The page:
DAUPHIN COUNTY, Pa. (WHTM) — No transcripts and no diploma meant no college grants for a Dauphin County Woman. She graduated from high school, but somehow the school district lost her information. She asked the abc27 investigators for help.
“I feel like I’m lost,” Debra Carl-Zerbe said. She graduated from Central Dauphin High School 32 years ago. She is now a non-traditional student at Harrisburg Area Community College and recently, ran into a problem when she applied for a Pennsylvania Higher Education Assistance Agency grant.
“PHEAA sent me a letter two weeks ago stating they needed a copy of my diploma or my transcript in order to be eligible for the grant,” Carl-Zerbe said. The problem, no one has a copy. “I reached out to HACC, they stated they didn’t have a record of it so I reached out to Central Dauphin. They have been looking for the records”
Unable to find Debra’s records, Central Dauphin offered her a commencement document. “PHEAA won’t budge. Its either gotta be the diploma or the transcript. Now it’s between Central Dauphin, HACC and PHEAA and everybody is just pushing the ball to everybody else,” Carl-Zerbe said.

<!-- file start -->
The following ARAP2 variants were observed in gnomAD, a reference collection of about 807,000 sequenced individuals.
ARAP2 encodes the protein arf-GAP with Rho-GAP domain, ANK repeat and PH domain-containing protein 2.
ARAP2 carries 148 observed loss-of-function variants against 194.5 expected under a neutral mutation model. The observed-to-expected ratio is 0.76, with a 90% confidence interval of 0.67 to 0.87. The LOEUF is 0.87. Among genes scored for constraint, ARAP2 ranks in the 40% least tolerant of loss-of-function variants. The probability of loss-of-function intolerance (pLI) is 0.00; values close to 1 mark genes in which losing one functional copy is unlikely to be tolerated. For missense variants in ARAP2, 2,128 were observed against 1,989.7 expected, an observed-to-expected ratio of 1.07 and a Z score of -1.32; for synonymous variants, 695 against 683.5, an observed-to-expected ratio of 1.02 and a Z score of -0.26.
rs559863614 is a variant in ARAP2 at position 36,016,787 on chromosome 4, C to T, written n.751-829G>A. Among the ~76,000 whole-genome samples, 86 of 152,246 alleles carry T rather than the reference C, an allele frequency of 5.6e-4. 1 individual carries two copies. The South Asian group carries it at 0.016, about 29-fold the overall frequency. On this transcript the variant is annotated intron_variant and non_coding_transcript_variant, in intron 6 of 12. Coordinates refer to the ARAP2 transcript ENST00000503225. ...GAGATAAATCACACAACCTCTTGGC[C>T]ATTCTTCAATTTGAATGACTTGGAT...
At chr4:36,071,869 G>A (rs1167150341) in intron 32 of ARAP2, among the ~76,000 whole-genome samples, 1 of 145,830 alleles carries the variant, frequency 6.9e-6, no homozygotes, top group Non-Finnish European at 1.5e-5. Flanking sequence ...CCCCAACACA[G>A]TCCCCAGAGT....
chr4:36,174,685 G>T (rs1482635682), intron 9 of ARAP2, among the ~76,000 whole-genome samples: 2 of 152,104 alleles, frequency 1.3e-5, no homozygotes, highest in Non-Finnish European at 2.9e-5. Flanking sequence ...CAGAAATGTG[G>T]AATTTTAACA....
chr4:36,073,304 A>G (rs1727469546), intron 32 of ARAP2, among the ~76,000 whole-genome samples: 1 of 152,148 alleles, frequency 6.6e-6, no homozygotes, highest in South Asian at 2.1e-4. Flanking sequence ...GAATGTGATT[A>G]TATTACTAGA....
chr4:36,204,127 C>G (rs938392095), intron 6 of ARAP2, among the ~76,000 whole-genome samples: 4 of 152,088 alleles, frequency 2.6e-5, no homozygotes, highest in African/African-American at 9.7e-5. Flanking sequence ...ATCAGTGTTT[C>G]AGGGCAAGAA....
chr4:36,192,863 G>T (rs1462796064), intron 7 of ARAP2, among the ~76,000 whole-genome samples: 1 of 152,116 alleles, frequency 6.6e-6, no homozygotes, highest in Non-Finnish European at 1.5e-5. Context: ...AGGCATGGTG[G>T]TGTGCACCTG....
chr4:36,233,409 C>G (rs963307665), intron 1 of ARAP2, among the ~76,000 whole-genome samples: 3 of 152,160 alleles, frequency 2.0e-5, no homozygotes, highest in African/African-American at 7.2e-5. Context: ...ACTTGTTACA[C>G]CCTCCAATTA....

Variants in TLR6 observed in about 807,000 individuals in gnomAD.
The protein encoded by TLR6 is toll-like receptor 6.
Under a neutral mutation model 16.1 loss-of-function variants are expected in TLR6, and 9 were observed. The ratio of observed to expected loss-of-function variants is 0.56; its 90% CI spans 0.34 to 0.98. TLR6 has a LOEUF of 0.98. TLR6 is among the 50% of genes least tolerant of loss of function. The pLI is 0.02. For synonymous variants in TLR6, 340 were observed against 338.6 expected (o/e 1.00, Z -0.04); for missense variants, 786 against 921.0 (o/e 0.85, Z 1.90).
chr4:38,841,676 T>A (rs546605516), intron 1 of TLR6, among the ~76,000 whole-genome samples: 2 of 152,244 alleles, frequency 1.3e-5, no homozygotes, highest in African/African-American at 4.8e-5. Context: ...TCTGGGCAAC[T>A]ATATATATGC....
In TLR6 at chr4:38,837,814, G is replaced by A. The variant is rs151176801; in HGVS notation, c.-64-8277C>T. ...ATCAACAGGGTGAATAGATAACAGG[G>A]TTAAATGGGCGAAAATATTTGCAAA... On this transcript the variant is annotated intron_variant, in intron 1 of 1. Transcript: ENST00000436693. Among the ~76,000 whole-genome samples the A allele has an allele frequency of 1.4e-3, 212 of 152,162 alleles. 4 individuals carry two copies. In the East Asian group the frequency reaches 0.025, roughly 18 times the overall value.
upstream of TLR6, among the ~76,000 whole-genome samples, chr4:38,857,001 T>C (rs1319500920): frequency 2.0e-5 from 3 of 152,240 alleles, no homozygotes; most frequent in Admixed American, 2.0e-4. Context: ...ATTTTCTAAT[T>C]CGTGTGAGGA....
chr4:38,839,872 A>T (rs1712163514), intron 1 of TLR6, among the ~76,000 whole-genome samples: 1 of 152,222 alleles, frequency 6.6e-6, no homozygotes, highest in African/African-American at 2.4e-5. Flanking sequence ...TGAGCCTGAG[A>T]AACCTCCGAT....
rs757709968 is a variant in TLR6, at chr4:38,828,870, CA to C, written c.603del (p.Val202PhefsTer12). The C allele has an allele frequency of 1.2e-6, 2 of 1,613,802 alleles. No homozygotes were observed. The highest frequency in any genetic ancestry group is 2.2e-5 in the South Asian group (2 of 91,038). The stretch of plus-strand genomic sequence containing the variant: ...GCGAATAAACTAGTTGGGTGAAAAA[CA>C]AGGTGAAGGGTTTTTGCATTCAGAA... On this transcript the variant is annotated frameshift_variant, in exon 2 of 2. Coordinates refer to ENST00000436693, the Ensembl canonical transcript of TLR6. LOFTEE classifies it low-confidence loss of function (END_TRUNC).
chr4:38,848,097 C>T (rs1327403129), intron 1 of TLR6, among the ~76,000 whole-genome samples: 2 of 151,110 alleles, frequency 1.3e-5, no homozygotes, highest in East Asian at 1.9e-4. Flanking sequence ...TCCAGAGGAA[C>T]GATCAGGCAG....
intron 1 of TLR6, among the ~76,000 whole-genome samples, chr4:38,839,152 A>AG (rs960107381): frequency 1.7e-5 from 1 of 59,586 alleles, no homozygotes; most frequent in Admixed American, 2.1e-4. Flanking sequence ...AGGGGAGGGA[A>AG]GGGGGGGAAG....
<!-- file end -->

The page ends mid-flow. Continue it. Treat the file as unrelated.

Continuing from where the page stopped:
With a 30 day deadline looming, Debra contacted the abc27 investigators. We discovered HACC does not require high school transcripts as a condition of admission so it didn’t have a copy of Debra’s. According to the Department of Education, school districts are required to save records but its up to each school district to decide how long.
Central Dauphin’s policy states records are kept for 100 years after a student turns 21. It said due to the sheer volume of records, the district uses Filebank, a paperless records management company in New Jersey. The district did not offer an explanation as to why it could not locate Debra’s information.
“I don’t know how they transferred the microfilm to New Jersey. Did they move stuff or transfer it through a system that they just misplaced mine somehow? I don’t know,” Carl-Zerbe said.
We then contacted PHEAA which said, “This one is actually already on our radar and I believe it is in the works to be approved.”
In the end, it worked out. “I actually got my summer grant and I got approved for my fall and spring grants,” Carl-Zerbe said. Debra still didn’t have her transcripts, that information may be lost forever. Central Dauphin School District did send her a new diploma. “If it was just me they probably would have just ignored me and I wouldn’t get my grant, but with the help of you, I think that helped a lot.”
We contacted several school districts, most retain records for 100 years. The Department of Education says it does not get involved if records are lost because it is a local school district policy.